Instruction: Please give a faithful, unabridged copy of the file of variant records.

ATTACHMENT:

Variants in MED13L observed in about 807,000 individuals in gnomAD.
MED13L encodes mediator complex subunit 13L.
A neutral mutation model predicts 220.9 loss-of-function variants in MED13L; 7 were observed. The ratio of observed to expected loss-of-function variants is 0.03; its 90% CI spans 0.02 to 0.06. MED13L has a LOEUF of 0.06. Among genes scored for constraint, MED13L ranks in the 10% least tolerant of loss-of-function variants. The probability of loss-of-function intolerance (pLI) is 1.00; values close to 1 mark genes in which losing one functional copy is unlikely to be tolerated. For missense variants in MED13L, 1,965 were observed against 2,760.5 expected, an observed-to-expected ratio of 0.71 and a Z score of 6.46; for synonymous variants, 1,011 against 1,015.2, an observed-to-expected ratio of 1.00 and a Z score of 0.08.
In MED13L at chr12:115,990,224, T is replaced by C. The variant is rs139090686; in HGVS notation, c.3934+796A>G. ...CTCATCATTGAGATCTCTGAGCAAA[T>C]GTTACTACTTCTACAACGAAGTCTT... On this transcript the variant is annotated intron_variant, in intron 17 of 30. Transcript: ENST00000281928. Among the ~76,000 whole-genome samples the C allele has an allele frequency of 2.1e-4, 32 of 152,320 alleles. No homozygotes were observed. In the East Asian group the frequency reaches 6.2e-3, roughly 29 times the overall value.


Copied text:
Variants in MED13L observed in about 807,000 individuals in gnomAD.
MED13L encodes mediator complex subunit 13L.
A neutral mutation model predicts 220.9 loss-of-function variants in MED13L; 7 were observed. The ratio of observed to expected loss-of-function variants is 0.03; its 90% CI spans 0.02 to 0.06. MED13L has a LOEUF of 0.06. Among genes scored for constraint, MED13L ranks in the 10% least tolerant of loss-of-function variants. The probability of loss-of-function intolerance (pLI) is 1.00; values close to 1 mark genes in which losing one functional copy is unlikely to be tolerated. For missense variants in MED13L, 1,965 were observed against 2,760.5 expected, an observed-to-expected ratio of 0.71 and a Z score of 6.46; for synonymous variants, 1,011 against 1,015.2, an observed-to-expected ratio of 1.00 and a Z score of 0.08.
In MED13L at chr12:115,990,224, T is replaced by C. The variant is rs139090686; in HGVS notation, c.3934+796A>G. ...CTCATCATTGAGATCTCTGAGCAAA[T>C]GTTACTACTTCTACAACGAAGTCTT... On this transcript the variant is annotated intron_variant, in intron 17 of 30. Transcript: ENST00000281928. Among the ~76,000 whole-genome samples the C allele has an allele frequency of 2.1e-4, 32 of 152,320 alleles. No homozygotes were observed. In the East Asian group the frequency reaches 6.2e-3, roughly 29 times the overall value.